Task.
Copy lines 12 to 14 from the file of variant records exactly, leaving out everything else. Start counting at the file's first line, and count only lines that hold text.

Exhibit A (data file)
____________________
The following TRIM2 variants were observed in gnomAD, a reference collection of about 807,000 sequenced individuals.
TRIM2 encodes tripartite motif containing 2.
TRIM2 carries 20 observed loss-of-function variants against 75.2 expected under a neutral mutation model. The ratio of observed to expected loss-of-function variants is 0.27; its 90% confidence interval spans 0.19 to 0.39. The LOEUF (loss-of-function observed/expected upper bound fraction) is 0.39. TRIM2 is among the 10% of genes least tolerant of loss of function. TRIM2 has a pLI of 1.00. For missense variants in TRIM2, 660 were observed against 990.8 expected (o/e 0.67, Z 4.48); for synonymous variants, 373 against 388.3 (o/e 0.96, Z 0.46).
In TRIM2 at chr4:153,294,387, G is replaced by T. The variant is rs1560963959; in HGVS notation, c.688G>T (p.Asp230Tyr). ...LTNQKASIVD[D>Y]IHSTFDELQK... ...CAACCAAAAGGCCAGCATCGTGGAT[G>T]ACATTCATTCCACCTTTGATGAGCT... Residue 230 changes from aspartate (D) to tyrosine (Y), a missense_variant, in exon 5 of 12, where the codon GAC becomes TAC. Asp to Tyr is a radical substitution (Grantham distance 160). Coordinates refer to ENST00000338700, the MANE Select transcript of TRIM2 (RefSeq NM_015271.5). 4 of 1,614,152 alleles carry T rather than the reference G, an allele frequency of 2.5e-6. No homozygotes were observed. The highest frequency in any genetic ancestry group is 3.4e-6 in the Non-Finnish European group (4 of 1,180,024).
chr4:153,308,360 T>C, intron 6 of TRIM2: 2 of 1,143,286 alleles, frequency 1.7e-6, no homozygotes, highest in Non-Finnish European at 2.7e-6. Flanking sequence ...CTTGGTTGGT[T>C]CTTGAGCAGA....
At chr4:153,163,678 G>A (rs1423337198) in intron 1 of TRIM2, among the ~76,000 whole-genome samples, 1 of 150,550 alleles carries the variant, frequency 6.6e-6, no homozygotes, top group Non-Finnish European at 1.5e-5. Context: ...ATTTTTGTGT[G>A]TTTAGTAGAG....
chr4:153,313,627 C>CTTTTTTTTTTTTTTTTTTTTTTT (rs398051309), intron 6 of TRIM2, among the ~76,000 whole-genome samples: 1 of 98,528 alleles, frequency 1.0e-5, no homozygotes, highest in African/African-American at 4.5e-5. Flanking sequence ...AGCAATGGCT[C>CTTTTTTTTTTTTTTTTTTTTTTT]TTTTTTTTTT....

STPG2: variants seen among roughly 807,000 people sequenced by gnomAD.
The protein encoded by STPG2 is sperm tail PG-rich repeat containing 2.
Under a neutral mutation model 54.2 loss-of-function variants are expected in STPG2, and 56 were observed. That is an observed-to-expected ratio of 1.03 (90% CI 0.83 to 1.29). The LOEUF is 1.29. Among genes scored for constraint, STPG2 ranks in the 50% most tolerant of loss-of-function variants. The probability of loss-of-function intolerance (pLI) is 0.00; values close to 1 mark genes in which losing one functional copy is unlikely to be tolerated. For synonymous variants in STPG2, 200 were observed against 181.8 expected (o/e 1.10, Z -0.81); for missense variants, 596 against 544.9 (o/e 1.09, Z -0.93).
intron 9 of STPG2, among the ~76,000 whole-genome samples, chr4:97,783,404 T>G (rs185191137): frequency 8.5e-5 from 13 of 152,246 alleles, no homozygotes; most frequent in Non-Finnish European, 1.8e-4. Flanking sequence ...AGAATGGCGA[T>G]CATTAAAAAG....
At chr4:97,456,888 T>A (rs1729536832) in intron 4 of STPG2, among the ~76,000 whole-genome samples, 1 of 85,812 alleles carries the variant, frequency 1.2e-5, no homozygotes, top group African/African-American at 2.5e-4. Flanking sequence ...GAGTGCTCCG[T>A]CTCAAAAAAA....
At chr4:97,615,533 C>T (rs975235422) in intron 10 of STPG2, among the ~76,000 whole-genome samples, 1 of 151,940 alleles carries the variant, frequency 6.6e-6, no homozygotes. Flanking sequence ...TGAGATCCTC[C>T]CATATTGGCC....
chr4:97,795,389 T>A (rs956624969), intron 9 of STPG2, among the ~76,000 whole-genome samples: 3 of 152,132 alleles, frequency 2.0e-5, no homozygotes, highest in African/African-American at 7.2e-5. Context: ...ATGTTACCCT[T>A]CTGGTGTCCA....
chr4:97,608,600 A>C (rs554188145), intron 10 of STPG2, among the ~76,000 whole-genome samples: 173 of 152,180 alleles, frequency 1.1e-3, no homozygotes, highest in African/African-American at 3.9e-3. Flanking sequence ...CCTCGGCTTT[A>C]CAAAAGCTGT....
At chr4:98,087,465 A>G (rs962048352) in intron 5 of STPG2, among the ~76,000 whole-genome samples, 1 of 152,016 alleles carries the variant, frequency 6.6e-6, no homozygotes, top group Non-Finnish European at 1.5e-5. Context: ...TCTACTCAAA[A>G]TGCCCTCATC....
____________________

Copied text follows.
At chr4:97,456,888 T>A (rs1729536832) in intron 4 of STPG2, among the ~76,000 whole-genome samples, 1 of 85,812 alleles carries the variant, frequency 1.2e-5, no homozygotes, top group African/African-American at 2.5e-4. Flanking sequence ...GAGTGCTCCG[T>A]CTCAAAAAAA....
At chr4:97,615,533 C>T (rs975235422) in intron 10 of STPG2, among the ~76,000 whole-genome samples, 1 of 151,940 alleles carries the variant, frequency 6.6e-6, no homozygotes. Flanking sequence ...TGAGATCCTC[C>T]CATATTGGCC....
chr4:97,795,389 T>A (rs956624969), intron 9 of STPG2, among the ~76,000 whole-genome samples: 3 of 152,132 alleles, frequency 2.0e-5, no homozygotes, highest in African/African-American at 7.2e-5. Context: ...ATGTTACCCT[T>A]CTGGTGTCCA....